Beefy Boxes and Bandwidth Generously Provided by pair Networks
laziness, impatience, and hubris

Re: Data Structures

by roboticus (Chancellor)
on May 02, 2008 at 11:08 UTC ( #684135=note: print w/replies, xml ) Need Help??

in reply to Data Structures

Is there an easier, more efficient way to do this?

Looking at the data structure alone isn't going to give you the answer--You need to look at how you use it. An efficient data structure for one algorithm might be terribly inefficient for another. The convenience of notation may similarly change.


Replies are listed 'Best First'.
Re^2: Data Structures
by TimButterfield (Monk) on May 02, 2008 at 15:06 UTC
    Agreed. But, consider also how this may be extended with new data elements in the future. Compare
    For example, if you were to add lat/long or one of the misc items to Station, the second structure would more easily accommodate that new data.

      Interesting. I had thought of using a triply-nested hash, but thought it might be too complex. I guess if the code is written properly, though, it shouldn't be a problem, right?

        True. Don't be apprehensive about depth/complexity. A comment line or two may be sufficient to document the structure if you need to go back and tweak it. Here's a one line comment from something I wrote several months ago.


        This is sufficient to remind me how the data is organized. Polls are polling cycles over time for chip insertion machines which may have one or two lanes/stages. The row/col are defined by a header row of words for the column labels. Values corresponding to those header row words are in subsequent rows.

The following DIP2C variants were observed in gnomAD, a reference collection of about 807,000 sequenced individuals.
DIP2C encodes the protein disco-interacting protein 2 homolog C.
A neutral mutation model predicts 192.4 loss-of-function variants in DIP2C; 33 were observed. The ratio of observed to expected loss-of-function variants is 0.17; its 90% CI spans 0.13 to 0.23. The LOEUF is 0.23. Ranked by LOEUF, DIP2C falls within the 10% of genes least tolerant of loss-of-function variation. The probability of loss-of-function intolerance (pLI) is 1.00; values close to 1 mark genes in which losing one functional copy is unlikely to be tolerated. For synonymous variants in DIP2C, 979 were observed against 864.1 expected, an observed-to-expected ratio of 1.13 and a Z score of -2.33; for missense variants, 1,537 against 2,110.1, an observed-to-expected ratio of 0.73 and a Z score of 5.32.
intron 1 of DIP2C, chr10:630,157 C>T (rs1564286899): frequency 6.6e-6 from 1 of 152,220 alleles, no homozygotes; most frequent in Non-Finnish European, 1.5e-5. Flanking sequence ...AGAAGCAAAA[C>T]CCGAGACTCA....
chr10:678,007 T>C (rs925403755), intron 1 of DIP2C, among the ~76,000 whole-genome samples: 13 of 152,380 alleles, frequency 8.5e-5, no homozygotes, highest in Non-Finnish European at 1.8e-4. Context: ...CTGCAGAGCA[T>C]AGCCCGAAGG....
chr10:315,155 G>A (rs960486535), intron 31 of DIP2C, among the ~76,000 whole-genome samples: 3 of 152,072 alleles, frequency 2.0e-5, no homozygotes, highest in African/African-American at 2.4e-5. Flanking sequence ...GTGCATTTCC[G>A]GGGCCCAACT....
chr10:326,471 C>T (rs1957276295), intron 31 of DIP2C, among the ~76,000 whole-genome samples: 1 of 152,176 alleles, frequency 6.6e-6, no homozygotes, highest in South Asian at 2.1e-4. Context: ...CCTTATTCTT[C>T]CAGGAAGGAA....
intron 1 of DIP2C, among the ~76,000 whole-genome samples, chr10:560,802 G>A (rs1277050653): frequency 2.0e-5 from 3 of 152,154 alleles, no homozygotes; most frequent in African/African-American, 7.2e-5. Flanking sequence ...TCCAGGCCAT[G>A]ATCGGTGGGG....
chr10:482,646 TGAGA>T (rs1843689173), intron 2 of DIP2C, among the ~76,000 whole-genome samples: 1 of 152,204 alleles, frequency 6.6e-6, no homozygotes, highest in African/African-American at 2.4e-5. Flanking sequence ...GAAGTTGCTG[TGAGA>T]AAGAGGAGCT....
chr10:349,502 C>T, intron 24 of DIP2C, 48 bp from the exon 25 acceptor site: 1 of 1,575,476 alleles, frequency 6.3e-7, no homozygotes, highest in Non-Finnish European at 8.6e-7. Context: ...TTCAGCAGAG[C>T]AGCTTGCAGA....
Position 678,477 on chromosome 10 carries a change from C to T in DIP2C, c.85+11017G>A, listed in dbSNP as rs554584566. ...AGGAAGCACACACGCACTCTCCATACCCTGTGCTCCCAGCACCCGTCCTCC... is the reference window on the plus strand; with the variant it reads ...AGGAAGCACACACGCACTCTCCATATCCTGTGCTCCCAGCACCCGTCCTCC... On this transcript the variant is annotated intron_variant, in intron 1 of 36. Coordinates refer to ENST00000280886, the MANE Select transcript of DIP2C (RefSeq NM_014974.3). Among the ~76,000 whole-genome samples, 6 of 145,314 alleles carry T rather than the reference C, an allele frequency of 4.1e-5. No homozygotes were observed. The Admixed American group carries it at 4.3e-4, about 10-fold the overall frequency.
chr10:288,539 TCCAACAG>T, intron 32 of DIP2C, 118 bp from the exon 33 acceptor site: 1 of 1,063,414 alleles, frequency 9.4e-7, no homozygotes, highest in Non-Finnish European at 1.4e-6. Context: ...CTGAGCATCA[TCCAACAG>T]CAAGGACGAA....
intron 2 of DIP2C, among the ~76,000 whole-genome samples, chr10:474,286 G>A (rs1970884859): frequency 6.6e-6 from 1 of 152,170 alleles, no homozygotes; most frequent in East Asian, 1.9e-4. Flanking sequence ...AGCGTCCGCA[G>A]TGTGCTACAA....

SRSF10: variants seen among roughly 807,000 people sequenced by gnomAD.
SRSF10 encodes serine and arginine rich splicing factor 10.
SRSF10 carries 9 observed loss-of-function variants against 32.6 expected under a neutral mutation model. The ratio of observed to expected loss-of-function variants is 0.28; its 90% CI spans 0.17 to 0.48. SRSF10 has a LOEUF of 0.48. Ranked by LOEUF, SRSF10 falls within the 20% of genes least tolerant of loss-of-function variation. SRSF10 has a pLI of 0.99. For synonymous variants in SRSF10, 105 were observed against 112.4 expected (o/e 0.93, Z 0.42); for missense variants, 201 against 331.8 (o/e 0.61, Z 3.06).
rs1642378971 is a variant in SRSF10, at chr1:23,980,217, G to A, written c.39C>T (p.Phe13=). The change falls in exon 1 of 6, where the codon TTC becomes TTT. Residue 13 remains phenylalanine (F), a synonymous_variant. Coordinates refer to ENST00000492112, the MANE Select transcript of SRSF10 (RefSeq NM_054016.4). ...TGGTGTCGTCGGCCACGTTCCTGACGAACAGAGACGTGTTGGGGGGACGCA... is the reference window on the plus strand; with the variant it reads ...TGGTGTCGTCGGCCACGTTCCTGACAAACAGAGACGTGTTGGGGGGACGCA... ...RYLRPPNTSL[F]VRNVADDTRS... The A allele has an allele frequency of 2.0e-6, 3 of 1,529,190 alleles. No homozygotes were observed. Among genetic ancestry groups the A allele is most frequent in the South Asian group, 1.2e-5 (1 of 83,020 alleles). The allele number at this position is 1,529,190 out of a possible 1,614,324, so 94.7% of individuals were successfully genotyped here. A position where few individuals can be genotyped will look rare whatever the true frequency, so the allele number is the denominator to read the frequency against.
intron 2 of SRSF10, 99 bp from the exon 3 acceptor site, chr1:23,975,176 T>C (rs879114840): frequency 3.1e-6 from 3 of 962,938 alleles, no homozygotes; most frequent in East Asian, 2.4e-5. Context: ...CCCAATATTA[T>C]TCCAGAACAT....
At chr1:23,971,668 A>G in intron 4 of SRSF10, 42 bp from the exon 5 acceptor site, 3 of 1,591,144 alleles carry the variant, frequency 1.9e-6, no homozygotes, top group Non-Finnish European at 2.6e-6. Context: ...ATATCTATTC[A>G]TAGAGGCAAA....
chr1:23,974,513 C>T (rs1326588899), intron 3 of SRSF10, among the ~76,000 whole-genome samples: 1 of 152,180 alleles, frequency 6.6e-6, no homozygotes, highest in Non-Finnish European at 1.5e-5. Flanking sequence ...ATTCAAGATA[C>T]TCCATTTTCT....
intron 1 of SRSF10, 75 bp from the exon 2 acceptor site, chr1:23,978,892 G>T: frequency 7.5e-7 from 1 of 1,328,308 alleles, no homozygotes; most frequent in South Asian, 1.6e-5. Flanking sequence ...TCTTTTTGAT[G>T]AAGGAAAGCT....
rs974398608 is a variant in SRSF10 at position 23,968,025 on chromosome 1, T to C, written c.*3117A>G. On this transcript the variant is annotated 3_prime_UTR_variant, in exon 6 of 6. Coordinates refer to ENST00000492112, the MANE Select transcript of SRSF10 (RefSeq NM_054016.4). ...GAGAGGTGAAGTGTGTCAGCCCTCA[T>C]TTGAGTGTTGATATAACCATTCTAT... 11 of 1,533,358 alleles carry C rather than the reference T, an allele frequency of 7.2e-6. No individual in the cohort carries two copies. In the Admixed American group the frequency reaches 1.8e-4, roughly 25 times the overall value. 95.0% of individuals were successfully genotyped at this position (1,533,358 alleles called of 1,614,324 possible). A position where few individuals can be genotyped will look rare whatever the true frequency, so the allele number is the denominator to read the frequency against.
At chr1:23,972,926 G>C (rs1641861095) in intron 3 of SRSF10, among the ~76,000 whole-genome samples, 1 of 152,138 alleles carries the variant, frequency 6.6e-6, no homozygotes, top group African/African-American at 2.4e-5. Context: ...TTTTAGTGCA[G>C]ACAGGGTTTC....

This also illustrates one thing I frequently do. I often use and store my hashes and arrays as refs. This makes it easy to pass everything as a scaler. For example, I have one package to handle the processing of one part of the data. If I need to store that, I just get and store the ref to combine the individual pieces to a higher level. This type of organization allows the use of OO concepts others have mentioned, but does not break/remove the built-in features for using arrays or hashes. If all of your data is in one file, this may not be needed. But, it is a handy pattern that can be used in other situations.

Log In?

What's my password?
Create A New User
Node Status?
node history
Node Type: note [id://684135]
and the web crawler heard nothing...

How do I use this? | Other CB clients
Other Users?
Others rifling through the Monastery: (3)
As of 2021-04-18 06:38 GMT
Find Nodes?
    Voting Booth?

    No recent polls found